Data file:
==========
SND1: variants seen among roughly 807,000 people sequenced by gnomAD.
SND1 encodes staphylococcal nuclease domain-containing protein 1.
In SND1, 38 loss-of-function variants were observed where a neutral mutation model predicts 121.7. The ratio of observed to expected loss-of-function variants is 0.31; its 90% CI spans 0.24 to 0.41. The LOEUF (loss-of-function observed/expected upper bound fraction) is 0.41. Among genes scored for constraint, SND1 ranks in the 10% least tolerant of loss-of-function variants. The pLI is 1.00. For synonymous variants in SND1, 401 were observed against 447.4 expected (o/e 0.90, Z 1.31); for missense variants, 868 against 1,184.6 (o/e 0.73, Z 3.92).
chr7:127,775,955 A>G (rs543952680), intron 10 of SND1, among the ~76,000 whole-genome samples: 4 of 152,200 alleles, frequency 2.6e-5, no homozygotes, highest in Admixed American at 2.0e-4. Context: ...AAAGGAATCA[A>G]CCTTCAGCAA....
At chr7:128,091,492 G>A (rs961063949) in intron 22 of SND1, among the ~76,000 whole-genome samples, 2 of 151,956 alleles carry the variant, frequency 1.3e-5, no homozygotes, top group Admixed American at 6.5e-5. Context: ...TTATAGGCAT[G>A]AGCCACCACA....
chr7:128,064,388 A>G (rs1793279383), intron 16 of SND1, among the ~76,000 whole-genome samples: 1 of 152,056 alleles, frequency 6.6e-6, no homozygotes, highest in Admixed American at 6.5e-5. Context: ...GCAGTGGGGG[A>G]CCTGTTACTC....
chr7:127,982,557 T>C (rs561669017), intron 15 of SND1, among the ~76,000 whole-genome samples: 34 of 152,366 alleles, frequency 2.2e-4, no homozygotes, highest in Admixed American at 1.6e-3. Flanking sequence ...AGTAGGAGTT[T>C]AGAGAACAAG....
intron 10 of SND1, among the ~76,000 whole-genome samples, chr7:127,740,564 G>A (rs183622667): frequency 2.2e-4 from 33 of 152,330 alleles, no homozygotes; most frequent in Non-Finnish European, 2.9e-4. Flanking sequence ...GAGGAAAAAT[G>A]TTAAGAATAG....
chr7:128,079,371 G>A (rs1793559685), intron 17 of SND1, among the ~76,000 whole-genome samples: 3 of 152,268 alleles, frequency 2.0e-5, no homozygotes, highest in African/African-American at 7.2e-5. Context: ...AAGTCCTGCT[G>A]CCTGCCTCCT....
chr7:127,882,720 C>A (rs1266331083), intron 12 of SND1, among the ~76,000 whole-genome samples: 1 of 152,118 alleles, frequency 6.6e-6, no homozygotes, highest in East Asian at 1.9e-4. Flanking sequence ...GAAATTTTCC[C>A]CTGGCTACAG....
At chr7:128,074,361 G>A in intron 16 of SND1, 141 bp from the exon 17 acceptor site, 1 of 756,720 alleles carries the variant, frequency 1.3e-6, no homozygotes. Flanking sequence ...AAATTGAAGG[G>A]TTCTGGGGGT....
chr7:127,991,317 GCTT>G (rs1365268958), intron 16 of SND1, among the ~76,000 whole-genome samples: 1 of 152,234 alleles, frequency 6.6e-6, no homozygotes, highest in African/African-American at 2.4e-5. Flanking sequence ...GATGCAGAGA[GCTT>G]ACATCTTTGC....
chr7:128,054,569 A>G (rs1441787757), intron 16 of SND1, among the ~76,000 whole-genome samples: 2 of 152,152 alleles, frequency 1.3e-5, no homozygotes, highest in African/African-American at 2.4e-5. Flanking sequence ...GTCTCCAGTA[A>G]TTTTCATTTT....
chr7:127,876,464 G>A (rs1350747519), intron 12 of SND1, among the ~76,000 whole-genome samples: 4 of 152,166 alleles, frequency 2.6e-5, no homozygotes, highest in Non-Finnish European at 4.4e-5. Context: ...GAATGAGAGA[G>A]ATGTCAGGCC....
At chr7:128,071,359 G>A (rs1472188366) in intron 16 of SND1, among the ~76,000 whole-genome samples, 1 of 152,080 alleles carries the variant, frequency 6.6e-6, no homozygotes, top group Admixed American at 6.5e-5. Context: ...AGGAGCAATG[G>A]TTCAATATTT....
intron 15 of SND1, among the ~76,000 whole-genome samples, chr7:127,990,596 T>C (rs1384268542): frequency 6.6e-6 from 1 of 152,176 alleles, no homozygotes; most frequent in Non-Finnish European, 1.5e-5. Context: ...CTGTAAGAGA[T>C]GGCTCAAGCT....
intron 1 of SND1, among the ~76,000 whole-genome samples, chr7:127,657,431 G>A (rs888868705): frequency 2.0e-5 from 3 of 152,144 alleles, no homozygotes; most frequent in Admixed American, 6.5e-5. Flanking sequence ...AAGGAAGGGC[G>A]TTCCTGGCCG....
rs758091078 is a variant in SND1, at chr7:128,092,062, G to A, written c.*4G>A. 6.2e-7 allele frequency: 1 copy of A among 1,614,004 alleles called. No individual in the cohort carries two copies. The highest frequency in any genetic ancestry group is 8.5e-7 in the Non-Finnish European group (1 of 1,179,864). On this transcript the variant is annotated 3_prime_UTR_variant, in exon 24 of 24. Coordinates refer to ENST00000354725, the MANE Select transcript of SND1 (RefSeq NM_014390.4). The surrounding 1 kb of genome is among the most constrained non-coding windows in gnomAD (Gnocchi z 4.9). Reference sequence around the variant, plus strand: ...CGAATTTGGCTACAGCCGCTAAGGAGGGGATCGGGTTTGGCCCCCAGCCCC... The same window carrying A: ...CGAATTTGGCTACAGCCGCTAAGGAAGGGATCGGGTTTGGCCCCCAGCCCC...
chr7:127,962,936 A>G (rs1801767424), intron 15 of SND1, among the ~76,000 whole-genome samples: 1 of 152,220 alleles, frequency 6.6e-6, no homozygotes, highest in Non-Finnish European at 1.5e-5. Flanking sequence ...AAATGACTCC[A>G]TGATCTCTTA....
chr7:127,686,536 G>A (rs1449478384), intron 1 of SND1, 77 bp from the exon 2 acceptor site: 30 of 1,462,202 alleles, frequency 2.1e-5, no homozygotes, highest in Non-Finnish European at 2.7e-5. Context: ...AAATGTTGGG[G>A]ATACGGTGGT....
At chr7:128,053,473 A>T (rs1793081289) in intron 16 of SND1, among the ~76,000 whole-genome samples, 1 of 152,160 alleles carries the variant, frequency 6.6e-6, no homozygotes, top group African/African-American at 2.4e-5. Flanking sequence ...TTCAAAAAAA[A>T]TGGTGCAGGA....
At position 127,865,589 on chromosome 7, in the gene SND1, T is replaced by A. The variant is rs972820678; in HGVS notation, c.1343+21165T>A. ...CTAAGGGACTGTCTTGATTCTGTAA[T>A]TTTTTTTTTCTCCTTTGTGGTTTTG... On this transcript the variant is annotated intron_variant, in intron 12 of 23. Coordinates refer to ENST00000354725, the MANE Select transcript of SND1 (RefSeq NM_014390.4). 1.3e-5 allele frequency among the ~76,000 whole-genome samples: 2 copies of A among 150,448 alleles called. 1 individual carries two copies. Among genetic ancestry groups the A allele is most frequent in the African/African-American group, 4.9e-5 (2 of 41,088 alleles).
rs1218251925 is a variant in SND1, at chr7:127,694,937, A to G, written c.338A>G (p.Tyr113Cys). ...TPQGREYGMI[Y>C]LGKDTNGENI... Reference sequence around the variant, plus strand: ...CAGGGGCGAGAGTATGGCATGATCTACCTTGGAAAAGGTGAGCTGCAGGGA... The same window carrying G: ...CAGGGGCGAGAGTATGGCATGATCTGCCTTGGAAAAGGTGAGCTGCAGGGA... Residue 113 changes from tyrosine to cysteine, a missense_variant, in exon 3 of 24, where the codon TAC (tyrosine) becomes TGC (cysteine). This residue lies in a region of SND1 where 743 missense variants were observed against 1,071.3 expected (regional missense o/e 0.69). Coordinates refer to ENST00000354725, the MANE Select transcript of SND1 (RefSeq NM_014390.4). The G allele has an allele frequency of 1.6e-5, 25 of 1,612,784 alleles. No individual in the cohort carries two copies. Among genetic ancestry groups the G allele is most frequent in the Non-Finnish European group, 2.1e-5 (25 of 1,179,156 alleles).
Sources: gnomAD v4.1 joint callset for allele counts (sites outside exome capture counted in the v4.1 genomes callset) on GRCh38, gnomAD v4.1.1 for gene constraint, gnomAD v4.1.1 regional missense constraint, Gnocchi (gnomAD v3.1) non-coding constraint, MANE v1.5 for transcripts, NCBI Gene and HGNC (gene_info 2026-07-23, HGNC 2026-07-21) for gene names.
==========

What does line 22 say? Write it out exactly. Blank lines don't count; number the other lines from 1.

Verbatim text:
At position 127,865,589 on chromosome 7, in the gene SND1, T is replaced by A. The variant is rs972820678; in HGVS notation, c.1343+21165T>A. ...CTAAGGGACTGTCTTGATTCTGTAA[T>A]TTTTTTTTTCTCCTTTGTGGTTTTG... On this transcript the variant is annotated intron_variant, in intron 12 of 23. Coordinates refer to ENST00000354725, the MANE Select transcript of SND1 (RefSeq NM_014390.4). 1.3e-5 allele frequency among the ~76,000 whole-genome samples: 2 copies of A among 150,448 alleles called. 1 individual carries two copies. Among genetic ancestry groups the A allele is most frequent in the African/African-American group, 4.9e-5 (2 of 41,088 alleles).